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3.2.4 Investor Protection Funds

A comprehensive guide to understanding the investor protection funds available in the Canadian securities industry, including detailed explanations of CIPF, MFDA IPC, CDIC, and provincial insurance corporations.

Investor Protection Funds

The securities industry safeguards the investing public from losses caused by the financial failure of firms within the self-regulatory system. The covered account types include those of IIROC dealer members, MFDA members, banks, trust and loan companies, and credit unions.

Canadian Investor Protection Fund (CIPF)

Founded in 1969, the Canadian Investor Protection Fund (CIPF) aims to maintain investor confidence by protecting eligible customers in the event of an IIROC dealer member’s insolvency. Note that CIPF does not cover client losses due to changing market values or accounts held at non-IIROC member firms.

Coverage Details

  • All customer accounts are covered, either as part of a general account or as separate accounts.
  • Accounts such as cash, margin, short sale, options, futures, and foreign currency are combined and treated as one general account entitled to a maximum coverage of $1 million.
  • Separate accounts, such as registered accounts and trusts, each receive up to $1 million in coverage unless combined with other separate accounts.

Example

An investor holds assets worth $1,310,000 divided among different accounts. If the IIROC dealer becomes insolvent, CIPF protection would apply as follows:

  • Cash Account ($20,000) + Margin Account ($85,000) = $105,000 (protected)
  • RRSP ($940,000) + RRIF ($200,000) = $1,000,000 (protected)
  • RESP ($65,000) = $65,000 (protected)

In total, the investor’s assets would be protected up to $1,170,000.

Mutual Fund Dealers Association Investor Protection Corporation (MFDA IPC)

The MFDA IPC, created in 2005, extends protection to eligible customers of insolvent MFDA member firms. It’s important to note that MFDA IPC does not cover losses from market value changes, unsuitable investments, or issuer default.

Each customer account—classified as part of a general account or a separate account—is eligible for a maximum coverage of $1 million.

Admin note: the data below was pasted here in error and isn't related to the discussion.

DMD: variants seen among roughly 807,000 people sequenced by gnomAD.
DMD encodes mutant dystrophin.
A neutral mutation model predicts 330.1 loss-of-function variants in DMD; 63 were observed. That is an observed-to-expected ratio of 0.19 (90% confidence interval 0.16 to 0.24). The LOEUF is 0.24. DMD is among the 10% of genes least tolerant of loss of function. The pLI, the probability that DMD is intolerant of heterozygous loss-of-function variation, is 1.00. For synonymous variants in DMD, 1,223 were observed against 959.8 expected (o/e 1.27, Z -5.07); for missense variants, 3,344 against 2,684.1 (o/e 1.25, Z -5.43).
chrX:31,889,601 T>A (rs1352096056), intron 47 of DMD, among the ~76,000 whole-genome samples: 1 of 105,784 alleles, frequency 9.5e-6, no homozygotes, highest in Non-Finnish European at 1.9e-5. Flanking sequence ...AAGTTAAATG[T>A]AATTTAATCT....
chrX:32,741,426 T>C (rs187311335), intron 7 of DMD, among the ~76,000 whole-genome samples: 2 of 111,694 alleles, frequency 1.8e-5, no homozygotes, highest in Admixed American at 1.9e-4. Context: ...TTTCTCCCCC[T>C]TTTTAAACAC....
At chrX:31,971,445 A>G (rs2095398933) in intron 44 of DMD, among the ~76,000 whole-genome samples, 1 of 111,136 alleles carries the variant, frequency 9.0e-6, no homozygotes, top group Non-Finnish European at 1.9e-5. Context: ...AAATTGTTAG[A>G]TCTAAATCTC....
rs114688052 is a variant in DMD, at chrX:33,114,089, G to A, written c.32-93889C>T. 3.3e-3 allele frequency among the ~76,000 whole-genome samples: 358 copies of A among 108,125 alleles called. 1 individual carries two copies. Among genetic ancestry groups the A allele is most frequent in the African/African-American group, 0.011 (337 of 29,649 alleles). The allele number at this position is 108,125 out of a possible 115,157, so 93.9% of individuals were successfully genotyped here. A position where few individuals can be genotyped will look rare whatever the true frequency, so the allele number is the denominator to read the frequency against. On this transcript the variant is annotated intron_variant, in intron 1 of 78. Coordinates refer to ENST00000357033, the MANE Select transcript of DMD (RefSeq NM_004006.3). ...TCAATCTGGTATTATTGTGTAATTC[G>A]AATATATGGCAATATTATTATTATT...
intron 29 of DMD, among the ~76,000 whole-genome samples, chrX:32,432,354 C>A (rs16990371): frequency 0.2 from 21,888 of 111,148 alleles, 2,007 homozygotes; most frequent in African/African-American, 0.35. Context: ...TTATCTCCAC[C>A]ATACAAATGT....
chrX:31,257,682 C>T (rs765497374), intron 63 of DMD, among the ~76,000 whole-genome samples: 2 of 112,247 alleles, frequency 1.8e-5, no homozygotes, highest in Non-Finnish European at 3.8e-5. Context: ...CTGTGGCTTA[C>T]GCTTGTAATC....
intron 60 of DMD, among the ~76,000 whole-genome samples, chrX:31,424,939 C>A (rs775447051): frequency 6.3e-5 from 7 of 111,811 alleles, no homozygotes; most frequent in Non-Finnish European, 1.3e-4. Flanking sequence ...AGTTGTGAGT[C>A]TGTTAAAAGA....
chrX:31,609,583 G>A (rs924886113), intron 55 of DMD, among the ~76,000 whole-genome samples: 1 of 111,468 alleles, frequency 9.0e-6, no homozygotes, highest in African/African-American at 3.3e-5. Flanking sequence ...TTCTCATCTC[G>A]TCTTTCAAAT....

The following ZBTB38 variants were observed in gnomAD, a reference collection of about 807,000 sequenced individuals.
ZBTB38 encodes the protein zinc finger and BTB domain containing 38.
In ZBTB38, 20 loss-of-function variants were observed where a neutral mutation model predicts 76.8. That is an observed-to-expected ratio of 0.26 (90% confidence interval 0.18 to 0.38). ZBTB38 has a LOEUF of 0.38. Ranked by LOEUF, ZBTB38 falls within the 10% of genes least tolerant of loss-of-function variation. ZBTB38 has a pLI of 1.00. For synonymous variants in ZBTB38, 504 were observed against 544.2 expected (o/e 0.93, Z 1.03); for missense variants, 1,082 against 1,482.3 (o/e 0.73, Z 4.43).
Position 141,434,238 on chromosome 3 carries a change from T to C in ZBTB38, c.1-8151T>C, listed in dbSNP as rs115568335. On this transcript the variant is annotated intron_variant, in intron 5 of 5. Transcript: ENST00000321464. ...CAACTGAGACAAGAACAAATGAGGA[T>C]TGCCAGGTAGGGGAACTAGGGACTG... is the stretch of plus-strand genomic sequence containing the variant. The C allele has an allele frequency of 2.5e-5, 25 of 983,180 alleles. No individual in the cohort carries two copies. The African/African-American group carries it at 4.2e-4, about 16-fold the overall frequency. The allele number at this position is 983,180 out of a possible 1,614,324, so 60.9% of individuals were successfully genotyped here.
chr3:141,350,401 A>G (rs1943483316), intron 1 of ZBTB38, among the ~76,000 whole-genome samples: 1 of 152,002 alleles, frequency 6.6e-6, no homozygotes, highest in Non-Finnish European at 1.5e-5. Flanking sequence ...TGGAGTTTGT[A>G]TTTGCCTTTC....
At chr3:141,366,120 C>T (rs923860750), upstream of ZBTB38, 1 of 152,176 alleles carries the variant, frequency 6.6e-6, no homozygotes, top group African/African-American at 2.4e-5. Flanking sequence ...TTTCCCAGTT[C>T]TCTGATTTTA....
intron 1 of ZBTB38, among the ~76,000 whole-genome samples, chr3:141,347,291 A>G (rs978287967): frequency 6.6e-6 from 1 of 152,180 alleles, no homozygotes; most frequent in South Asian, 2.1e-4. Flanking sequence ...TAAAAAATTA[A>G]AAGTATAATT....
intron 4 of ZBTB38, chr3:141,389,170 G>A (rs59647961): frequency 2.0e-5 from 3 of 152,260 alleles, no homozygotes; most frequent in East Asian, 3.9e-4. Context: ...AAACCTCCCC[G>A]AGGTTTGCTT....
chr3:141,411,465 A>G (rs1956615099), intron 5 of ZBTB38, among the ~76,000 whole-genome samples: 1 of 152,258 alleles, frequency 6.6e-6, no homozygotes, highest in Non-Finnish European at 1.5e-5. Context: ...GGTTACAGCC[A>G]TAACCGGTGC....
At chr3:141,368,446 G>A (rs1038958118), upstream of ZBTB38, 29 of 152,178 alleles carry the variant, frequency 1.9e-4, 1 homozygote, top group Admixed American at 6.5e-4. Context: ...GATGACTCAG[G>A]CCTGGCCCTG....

Quebec Exclusion

MFDA IPC coverage is unavailable in Quebec since the MFDA is not recognized as a self-regulatory organization in the province. Quebec maintains its own compensation fund.

Canada Deposit Insurance Corporation (CDIC)

The Canada Deposit Insurance Corporation (CDIC), a federal Crown corporation, provides deposit insurance to uphold the stability of Canada’s financial system. CDIC insures eligible deposits up to $100,000 per depositor per CDIC member institution.

Insurance Criteria

  • Deposits must be in Canadian currency, held at member institutions, and payable within Canada.
  • CDIC insures different types of accounts separately, with each account type covered up to the $100,000 maximum.

Example

Assume deposits as follows:

  • $80,000 (cash in your name)
  • $120,000 (RRSP)

If the institution fails, CDIC will cover $180,000 total: $80,000 for the cash deposit and $100,000 of the RRSP.

Did You Know?

CDIC separately covers seven deposit categories up to $100,000. These categories include deposits in one name, more than one name, registered savings plans, RRIFs, Tax-Free Savings Plans, trusts, and deposits for property taxes.

Provincial Insurance Corporations

Provinces may have organizations specifically protecting credit union member deposits, often termed as deposit insurance corporations or similar. Coverage terms and limits vary, so checking with your province is essential.

Dive Deeper

For more thorough information on different coverage forms and their specific terms, visit the respective corporations’ websites:

Key Takeaways

  • CIPF: Covers eligible accounts up to $1 million per general and separate accounts under IIROC dealer members.
  • MFDA IPC: Offers up to $1 million in coverage per general and separate accounts for MFDA member firm insolvencies; does not cover accounts in Quebec.
  • CDIC: Insures deposits up to $100,000 per deposit category in member institutions.
  • Provincial Insurance: Different regions have unique agencies and coverage terms for credit union deposits.

Frequently Asked Questions (FAQ)

Q: What kinds of losses are not covered by CIPF?

A: Losses due to changing market values are not covered by CIPF.

Q: Does the MFDA IPC cover accounts held in Quebec?

A: No, MFDA IPC is not recognized in Quebec. Quebec has its own compensation fund.

Q: How are deposits covered under CDIC?